Proselytizing in the Classroom

Does a Christian teacher have a right to "witness" to others on the job? I'd like your opinion on the following scenario. A friend of mine recently graduated from Bible college and interviewed for a job at a local preschool. One of the interviewers, being aware of her educational and religious background, expressed some concerns and asked her if she was absolutely certain that she could refrain from "proselytizing." My friend said yes. As for myself, I was absolutely furious when she told me this story. After thinking about it some more, I'm not sure how I would have responded in her position. Is it appropriate for employers to ask such questions? Doesn't this amount to religious discrimination? Do you think the administrators of this preschool have crossed a line?

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There’s a fundamental biblical principle that applies to the situation you’ve described. As far as they are able to do so without violating the dictates of conscience, Christians have a responsibility to obey the laws of the state. They are supposed to conduct themselves as caring and conscientious citizens, and cooperate with others, believers and non-believers alike, in the life of the larger community. Paul tells us so in Romans 12:18, Romans 13:1-7, and Philippians 2:14 &15. And in I Peter 2:11-17 the apostle says, “[Have] your conduct honorable among the Gentiles, that when they speak against you as evildoers they may, by your good works which they observe, glorify God in the day of visitation” (verse 12).

What does all this mean for your friend? Simply this. If the preschool that interviewed her for a staff position is state-sponsored, or if it’s owned and run by a private organization that has rules against religious proselytizing in the classroom, then it’s part of her Christian witness to abide by those guidelines to the best of her ability. To do otherwise would be to bring shame upon the name of the Lord. This does not mean, of course, that she can’t share her faith with adult friends, fellow teachers, and other co-workers in a non-classroom setting. For example, she is free to say anything she likes during her lunch break in the teacher’s lounge.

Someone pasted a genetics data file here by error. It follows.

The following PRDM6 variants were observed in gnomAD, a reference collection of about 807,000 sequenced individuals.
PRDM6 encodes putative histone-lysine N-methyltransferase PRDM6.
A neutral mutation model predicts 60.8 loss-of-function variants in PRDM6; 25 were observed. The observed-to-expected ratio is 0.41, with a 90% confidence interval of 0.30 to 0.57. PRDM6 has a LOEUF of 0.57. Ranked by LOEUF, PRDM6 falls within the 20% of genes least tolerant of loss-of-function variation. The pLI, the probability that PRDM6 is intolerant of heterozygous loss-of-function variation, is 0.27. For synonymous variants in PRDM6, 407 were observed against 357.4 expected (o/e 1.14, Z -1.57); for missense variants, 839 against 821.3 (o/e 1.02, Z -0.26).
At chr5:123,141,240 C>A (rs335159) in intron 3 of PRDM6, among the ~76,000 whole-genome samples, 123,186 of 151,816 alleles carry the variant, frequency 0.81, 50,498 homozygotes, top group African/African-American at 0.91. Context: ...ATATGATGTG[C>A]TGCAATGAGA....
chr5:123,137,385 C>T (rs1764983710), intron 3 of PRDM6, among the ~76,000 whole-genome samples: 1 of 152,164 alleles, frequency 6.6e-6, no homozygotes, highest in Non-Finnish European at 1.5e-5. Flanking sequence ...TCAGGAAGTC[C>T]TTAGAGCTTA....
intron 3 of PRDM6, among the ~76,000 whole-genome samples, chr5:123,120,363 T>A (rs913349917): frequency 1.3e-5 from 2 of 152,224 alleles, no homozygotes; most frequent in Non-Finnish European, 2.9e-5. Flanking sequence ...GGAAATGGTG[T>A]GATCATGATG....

Is this persecution? By complying with these guidelines has your friend become guilty of denying Christ and hindering the progress of the Gospel? Not at all. Remember, there are other ways she can let her light shine for Christ. She doesn’t have to preach openly in the schoolroom. Her employer has no authority to tell her how to behave or what she can say to others about her faith on her own time. When they see the testimony of her life, the families she serves may want to know more about her. In that case, she can always look for opportunities to speak to them about Jesus within the context of a personal relationship outside of school. If, on the other hand, she should for any reason decide that she absolutely cannot teach preschoolers without talking to them about the Lord, perhaps she should look for a job at a Christian preschool.

If you’d like to discuss this issue at greater length with a member of our team, call our staff counselors for a free consultation. They would be more than happy to discuss your questions with you over the phone.

 

Resources
If a title is currently unavailable through Focus on the Family, we encourage you to use another retailer.

A Life That Matters: Making the Greatest Possible Difference With the Rest of Your Life

God and Government: An Insider’s View on the Boundaries Between Faith & Politics

How Now Shall We Live?

Referrals
Alliance Defending Freedom

Gateways To Better Education

Christian Educators Association International

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